Searching for Sunday, or Where is the Jesus I used to know?

I did re-read Searching for Sunday by Rachel Held Evans, but I already wrote a review last year which you can find here. If you are interested in more of RHE’s writing, you can find that here. This post is going to be a little different than my usual book reviews. It is geared more toward friends and family who know me personally, but I hope it will help anyone else who is stunned, appalled, frustrated, grieving, and/or feeling hopeless about things happening in the Christian Church.

The tagline for Searching for Sunday is “loving, leaving, and finding the church.” It uses the sacraments as a structure to chronicle RHE’s relationship with a Christian Church that, instead of welcoming people into a place of hope and love, is leaving people broken, outcast, and feeling distinctly unwelcome. Over the past…couple years, I guess…I, too, have become increasingly distant from the faith I’ve always known, and I want you to know why.

You don’t get to pat yourself on the back for donating food to your community’s food bank when you say the people who use that same food bank to feed themselves or their families are “lazy” and “they just need to get a job.” When you cast a sidelong glance of suspicion at the mixed-race family who walks through your sanctuary’s doors. When you decide your love for the flag and “what it stands for” is more important than the lives and well-being of real life, actual people. And when you overwhelmingly supported a political candidate who has vowed to build walls to keep out people who don’t look like you or speak the same language, when so few of you criticized that same candidate for cruelly mocking a person with a disability, all I can think is…how did we get here?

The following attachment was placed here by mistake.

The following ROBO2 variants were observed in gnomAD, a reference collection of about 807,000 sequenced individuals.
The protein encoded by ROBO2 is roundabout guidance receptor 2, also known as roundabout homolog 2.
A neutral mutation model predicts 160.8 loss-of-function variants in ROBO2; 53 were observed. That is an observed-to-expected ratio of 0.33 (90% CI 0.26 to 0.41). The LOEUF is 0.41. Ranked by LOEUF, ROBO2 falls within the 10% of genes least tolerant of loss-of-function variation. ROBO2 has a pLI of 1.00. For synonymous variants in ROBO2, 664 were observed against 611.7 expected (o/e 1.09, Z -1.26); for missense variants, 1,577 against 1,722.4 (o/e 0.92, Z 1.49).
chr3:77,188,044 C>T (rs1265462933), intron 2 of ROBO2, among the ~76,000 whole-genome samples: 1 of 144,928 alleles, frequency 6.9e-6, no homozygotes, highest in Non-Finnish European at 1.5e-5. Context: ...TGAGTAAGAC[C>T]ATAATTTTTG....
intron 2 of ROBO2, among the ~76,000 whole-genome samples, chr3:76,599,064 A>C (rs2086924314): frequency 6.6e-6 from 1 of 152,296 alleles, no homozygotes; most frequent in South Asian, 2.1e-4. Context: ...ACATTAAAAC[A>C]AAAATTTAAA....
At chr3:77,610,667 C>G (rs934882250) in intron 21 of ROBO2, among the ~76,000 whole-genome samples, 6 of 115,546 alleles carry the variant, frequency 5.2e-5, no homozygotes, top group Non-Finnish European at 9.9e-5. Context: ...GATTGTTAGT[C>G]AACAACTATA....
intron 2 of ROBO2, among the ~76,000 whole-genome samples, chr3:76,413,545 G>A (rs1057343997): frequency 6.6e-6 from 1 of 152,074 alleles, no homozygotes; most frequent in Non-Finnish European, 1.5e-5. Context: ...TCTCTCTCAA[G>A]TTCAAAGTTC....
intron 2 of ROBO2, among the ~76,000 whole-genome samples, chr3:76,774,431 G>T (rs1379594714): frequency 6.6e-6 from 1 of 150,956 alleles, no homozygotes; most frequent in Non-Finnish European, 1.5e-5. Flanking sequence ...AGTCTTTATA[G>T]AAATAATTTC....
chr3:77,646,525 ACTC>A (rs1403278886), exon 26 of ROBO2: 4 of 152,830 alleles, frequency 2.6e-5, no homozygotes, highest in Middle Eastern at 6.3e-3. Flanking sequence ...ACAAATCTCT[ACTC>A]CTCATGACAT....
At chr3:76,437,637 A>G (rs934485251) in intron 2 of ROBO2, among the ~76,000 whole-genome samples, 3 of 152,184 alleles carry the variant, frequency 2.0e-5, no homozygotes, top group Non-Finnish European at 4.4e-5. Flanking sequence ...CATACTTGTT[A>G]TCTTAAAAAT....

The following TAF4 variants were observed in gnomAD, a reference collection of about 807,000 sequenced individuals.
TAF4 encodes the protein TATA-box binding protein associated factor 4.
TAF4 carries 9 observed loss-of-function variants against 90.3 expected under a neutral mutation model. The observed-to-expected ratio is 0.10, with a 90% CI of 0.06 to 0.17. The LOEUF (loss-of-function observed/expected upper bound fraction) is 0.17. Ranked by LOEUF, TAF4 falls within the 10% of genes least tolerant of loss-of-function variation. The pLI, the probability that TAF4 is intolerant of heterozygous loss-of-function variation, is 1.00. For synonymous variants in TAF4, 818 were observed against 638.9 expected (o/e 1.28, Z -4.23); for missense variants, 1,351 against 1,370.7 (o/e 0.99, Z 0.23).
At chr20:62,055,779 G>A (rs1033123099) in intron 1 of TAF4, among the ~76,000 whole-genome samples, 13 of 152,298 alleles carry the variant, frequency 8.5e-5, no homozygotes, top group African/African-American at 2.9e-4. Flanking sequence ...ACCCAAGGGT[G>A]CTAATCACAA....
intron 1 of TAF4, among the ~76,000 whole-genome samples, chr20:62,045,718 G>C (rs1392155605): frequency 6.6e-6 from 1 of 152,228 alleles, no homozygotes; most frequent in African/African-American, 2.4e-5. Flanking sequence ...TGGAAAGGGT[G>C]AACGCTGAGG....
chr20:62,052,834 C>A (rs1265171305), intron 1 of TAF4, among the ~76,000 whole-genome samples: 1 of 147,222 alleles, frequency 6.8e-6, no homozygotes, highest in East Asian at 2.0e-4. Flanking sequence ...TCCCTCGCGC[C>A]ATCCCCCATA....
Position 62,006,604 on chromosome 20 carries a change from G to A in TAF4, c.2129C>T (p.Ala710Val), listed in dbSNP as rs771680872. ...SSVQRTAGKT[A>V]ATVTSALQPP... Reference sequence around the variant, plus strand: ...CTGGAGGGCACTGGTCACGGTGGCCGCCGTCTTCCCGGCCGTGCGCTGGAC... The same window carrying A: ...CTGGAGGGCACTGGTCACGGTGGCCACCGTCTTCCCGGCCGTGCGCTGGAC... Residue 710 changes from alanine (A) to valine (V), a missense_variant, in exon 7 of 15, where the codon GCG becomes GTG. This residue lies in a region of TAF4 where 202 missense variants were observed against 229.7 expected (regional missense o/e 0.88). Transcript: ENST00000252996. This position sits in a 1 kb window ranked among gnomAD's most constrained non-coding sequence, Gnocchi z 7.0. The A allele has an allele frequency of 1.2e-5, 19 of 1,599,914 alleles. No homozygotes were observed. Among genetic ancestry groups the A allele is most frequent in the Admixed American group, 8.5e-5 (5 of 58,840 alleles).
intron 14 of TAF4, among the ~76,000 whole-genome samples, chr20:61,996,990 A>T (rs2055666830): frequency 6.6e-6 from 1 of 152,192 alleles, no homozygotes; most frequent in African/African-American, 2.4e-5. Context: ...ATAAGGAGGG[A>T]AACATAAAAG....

Because the Jesus I used to know said to welcome the stranger, feed the hungry, clothe the poor, and comfort the prisoner. Because “what you do to the least of these, you do to me.” (Matthew 25:34-40)

The Jesus I used to know was a Middle Eastern man born to an unmarried teenage mother, who broke bread with his society’s outcasts.

The Jesus I used to know would tell us to work for justice, act with kindness, and walk with humility (Micah 6:8). He wouldn’t say to meet injustice with silence for the sake of not rocking the boat or making anyone uncomfortable.

And I’m at a loss for what to do. I can’t keep attending churches where the same people who would hug me during the “passing of the peace” or make a casserole in the event of a loved one’s illness would also turn away my friend because she’s a lesbian or whisper behind my back if I introduced a black or Muslim man as my significant other.

I know there are many in the Church universal who are actively working to bring justice to the oppressed and marginalized which is why I can’t write it off as a lost cause. But I’ve also spent far too long sitting in the pew in silence.


Below is just one example of how Christians have used the Bible to justify horrific actions. RHE also wrote a timely post related to the Reverend Dr. Martin Luther King, Jr. here. MLK’s brilliant “Letter from a Birmingham Jail” can be found here.

“Likening their conquests to Joshua’s defeat at Canaan, European Christians brought rape, violence, plunder, and enslavement to the New World…It is said that a tribal chief from the island of Hispaniola was given the chance to convert to Christianity before being executed, but he responded that if heaven was where Christians went when they died, he would rather go to hell.” (p. 75)

 

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